It was much the same way with sand. At the beach I would furtively shovel handfuls of it into ziplock bags, hoping the beachgoers asleep in the sun a full 20 meters away wouldn’t notice. Hiking across a riverbank, I’d wait until the trail was empty before nonchalantly bending down — still pretending to tie my shoe even though the coast was clear — and scoop sand into a spare water bottle.

Thankfully, as with birding, it didn’t take long for my absurd self-consciousness to dissipate. I’m already the giant nerd with the binoculars and the field guide, so no one is going to notice if I’m also wielding a baggie of sand.

Photo © Repoort / Wikimedia Commons

The Sand Nerd Brigade

Incredible as it may seem, I am not the only arenophile on Earth. Early on I plugged “sand collecting” into Google and found  the website of the International Sand Collectors Society, whose members seek to “discover the world, grain by grain.” Incredibly, their droll tagline is bested by the title of their newsletter — “The Sand Paper” — which wins my unofficial award for worst pun of the century.

I discovered a whole community of substrate nerds who are apparently far more on their game than I am… tracking their samples in detailed Excel databases and actively trading sand samples with other enthusiasts. Some build their own custom storage and display drawers, while others specialize in macro photography of each sample.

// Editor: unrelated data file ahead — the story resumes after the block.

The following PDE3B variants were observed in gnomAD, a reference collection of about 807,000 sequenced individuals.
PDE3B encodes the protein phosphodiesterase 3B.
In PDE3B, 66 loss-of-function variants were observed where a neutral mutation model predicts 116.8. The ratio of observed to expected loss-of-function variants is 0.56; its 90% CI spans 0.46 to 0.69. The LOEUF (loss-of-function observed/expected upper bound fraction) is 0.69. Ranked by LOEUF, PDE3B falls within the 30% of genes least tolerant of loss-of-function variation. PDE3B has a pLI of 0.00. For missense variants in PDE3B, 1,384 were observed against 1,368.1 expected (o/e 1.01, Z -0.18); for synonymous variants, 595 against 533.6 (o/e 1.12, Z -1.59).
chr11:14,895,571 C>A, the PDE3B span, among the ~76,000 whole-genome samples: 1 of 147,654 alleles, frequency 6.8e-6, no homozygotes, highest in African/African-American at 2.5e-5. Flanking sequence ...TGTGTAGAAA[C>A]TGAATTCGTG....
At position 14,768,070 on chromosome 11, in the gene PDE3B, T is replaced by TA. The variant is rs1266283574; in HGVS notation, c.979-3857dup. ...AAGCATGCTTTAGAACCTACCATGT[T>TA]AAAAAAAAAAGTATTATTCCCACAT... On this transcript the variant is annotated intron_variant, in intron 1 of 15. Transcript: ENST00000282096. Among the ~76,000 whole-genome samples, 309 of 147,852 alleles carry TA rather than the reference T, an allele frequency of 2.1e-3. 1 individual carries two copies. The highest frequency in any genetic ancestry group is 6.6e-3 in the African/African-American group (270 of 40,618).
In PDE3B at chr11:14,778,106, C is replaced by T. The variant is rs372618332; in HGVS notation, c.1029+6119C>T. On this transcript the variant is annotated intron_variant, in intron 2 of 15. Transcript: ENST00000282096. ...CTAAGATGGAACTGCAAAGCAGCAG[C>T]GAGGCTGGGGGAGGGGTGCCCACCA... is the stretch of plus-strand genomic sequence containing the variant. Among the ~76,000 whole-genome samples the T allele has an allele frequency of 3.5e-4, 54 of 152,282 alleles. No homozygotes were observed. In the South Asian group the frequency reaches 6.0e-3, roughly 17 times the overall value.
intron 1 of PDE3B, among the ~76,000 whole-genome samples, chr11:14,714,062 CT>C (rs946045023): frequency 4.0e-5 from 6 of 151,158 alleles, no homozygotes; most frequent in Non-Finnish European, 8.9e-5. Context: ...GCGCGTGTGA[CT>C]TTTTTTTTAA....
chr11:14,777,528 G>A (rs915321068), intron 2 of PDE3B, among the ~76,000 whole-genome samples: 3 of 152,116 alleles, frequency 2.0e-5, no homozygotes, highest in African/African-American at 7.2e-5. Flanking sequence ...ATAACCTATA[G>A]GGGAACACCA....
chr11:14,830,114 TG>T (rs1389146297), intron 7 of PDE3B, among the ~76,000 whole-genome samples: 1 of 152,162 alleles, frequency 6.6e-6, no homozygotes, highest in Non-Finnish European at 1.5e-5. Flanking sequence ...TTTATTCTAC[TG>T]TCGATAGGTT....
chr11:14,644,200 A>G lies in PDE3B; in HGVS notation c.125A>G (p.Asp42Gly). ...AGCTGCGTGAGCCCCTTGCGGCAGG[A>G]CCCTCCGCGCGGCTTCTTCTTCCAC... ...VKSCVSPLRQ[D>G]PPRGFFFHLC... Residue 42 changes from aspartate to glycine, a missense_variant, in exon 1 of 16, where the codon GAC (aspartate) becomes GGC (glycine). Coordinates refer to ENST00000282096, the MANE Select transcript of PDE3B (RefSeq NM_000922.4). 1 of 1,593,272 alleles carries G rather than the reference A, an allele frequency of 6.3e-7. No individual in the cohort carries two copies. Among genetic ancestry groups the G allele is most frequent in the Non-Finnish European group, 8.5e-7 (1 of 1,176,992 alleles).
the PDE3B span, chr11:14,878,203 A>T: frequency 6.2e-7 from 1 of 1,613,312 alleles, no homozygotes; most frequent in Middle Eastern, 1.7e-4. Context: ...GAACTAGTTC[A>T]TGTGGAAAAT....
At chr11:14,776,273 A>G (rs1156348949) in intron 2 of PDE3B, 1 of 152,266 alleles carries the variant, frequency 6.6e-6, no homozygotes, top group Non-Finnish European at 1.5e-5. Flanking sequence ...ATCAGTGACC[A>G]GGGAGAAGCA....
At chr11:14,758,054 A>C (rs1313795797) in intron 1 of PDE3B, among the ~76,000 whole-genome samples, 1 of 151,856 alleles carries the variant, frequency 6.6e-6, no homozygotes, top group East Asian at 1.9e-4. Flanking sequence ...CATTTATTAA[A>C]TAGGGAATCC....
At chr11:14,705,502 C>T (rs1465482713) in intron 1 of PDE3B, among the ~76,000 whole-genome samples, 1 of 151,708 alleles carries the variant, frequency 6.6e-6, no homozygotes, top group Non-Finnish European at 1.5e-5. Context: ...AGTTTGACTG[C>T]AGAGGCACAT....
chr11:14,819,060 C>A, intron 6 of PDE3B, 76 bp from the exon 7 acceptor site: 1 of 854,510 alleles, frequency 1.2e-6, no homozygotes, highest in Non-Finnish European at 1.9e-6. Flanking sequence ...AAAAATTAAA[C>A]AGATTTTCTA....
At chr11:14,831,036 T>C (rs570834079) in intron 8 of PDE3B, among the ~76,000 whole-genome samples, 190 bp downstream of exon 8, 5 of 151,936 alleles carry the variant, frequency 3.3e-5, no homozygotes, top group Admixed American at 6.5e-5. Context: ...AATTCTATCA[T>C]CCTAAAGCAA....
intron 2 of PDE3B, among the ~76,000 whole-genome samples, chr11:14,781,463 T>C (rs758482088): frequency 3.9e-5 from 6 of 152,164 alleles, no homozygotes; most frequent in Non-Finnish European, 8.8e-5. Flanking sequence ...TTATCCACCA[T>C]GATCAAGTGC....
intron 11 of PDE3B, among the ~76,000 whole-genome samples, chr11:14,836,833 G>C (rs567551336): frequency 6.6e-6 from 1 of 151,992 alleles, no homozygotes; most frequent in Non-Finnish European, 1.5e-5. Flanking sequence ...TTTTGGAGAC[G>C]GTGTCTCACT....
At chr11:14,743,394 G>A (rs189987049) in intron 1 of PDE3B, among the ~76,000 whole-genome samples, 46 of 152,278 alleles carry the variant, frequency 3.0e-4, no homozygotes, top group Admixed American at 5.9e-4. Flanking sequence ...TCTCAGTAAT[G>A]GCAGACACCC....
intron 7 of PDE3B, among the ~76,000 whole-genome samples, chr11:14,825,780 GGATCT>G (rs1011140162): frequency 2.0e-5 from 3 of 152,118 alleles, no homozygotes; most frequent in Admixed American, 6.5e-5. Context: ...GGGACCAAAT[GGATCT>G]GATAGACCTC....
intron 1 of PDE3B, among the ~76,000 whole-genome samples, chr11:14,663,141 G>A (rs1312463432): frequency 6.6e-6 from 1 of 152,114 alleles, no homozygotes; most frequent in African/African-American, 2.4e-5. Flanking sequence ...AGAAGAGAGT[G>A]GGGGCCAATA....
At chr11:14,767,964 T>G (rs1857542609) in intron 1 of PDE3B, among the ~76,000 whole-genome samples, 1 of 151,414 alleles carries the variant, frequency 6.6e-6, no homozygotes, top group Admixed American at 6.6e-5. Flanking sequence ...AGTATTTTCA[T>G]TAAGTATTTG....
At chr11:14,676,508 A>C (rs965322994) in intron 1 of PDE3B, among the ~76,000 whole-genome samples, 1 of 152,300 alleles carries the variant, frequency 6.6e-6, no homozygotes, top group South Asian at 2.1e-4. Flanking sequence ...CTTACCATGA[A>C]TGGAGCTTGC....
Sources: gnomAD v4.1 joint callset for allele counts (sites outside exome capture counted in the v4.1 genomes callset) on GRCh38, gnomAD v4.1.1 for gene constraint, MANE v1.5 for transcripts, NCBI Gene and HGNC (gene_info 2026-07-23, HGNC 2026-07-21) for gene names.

It was here that I learned that “sand” is actually a technical, geological term for granular material that is finer than gravel and coarser than silt. Exact specification vary by country, but many geologists consider sand grains to be sized between 0.0625 mm to 2 mm. Anything smaller is silt, which feels and looks like flour, and anything larger is gravel.

Many types of rock and mineral can erode down to form sands. Inland sands and non-tropical beach sands are often composed largely of silicates, usually quartz, while tropical beach sands are usually made up of calcium carbonate, from wave-beaten shells and corals. Other sands are formed largely from minerals, while others get their distinctive colors from a mineral coating.

Photo © Daniele Martinelli‎, used with permission

Sand Collecting 101

Admit it, you’re at least mildly curious now. So where does a new sand collector start?

Know the rules: Do your research ahead of time and understand where you are allowed to collect samples. Regulations vary depending on location, and you might have to do some digging (pun intended) to determine if collecting is allowed or seek permission from a landowner.